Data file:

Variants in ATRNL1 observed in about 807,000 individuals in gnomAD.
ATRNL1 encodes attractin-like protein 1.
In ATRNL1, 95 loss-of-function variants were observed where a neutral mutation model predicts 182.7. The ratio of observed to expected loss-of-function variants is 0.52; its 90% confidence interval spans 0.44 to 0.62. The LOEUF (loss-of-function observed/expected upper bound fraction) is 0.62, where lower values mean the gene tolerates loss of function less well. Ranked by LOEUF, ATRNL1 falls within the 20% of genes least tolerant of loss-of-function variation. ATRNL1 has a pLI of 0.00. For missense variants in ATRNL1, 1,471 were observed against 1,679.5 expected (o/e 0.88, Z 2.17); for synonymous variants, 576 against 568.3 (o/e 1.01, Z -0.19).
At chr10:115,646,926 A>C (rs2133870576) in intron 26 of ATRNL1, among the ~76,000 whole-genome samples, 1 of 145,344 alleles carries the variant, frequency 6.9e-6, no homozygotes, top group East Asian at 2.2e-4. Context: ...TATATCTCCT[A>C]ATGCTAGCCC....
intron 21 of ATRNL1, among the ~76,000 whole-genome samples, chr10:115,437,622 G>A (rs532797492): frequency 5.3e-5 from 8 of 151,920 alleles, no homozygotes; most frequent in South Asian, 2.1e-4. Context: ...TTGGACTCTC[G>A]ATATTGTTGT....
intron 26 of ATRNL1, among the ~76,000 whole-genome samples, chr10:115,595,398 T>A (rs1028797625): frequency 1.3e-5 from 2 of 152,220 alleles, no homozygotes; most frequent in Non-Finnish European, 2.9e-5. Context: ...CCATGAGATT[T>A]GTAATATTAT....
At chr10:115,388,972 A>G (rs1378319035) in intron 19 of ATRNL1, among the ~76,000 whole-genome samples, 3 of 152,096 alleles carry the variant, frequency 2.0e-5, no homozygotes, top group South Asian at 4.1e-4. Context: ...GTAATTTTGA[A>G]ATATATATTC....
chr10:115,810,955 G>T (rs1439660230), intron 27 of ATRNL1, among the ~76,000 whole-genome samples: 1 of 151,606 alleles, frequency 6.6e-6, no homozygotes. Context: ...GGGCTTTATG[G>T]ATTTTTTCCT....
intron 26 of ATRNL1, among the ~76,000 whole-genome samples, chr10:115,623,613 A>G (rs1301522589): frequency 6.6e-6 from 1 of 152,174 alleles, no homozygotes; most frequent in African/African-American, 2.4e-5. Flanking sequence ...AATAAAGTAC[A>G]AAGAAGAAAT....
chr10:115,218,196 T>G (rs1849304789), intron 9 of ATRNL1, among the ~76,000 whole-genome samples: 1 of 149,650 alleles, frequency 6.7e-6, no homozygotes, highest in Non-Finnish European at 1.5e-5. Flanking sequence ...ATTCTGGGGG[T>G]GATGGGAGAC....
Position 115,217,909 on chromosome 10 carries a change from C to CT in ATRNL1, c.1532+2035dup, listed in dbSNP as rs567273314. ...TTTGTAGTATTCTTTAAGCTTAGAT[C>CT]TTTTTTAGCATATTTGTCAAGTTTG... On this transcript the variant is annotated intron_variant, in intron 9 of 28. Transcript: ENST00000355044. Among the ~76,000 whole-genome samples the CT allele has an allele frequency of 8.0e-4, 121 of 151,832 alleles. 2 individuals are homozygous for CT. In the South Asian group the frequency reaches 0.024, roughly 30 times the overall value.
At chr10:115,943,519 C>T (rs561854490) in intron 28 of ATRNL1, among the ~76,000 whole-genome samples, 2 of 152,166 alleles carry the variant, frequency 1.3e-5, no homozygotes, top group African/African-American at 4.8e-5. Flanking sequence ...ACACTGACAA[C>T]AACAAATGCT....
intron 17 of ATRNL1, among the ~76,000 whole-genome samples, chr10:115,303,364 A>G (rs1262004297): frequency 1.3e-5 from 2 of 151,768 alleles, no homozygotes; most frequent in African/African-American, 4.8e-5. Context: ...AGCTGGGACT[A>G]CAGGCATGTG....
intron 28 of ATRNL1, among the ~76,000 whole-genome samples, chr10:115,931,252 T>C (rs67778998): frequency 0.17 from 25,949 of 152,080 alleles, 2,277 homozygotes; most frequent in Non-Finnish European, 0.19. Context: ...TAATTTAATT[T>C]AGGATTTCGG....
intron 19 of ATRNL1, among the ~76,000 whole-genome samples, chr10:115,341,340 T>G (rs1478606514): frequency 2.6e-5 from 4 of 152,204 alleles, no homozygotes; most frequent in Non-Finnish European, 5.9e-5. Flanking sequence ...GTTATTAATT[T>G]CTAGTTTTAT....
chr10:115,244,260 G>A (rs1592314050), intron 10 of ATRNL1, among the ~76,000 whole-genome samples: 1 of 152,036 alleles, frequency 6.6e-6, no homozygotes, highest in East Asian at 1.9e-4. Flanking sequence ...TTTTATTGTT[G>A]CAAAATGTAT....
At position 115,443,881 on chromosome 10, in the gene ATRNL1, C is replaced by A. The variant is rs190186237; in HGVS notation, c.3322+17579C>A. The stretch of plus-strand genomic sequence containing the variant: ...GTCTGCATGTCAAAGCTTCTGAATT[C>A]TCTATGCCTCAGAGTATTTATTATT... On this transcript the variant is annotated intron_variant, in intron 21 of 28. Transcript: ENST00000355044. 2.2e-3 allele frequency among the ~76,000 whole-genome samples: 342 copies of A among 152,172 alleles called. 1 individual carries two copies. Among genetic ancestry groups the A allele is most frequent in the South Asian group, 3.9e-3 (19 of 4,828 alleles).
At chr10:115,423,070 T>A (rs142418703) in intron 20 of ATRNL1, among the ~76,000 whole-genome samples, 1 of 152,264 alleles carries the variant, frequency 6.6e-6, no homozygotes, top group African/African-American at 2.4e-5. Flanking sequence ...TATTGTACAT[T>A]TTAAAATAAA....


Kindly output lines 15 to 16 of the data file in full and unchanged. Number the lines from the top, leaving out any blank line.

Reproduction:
intron 19 of ATRNL1, among the ~76,000 whole-genome samples, chr10:115,341,340 T>G (rs1478606514): frequency 2.6e-5 from 4 of 152,204 alleles, no homozygotes; most frequent in Non-Finnish European, 5.9e-5. Flanking sequence ...GTTATTAATT[T>G]CTAGTTTTAT....
chr10:115,244,260 G>A (rs1592314050), intron 10 of ATRNL1, among the ~76,000 whole-genome samples: 1 of 152,036 alleles, frequency 6.6e-6, no homozygotes, highest in East Asian at 1.9e-4. Flanking sequence ...TTTTATTGTT[G>A]CAAAATGTAT....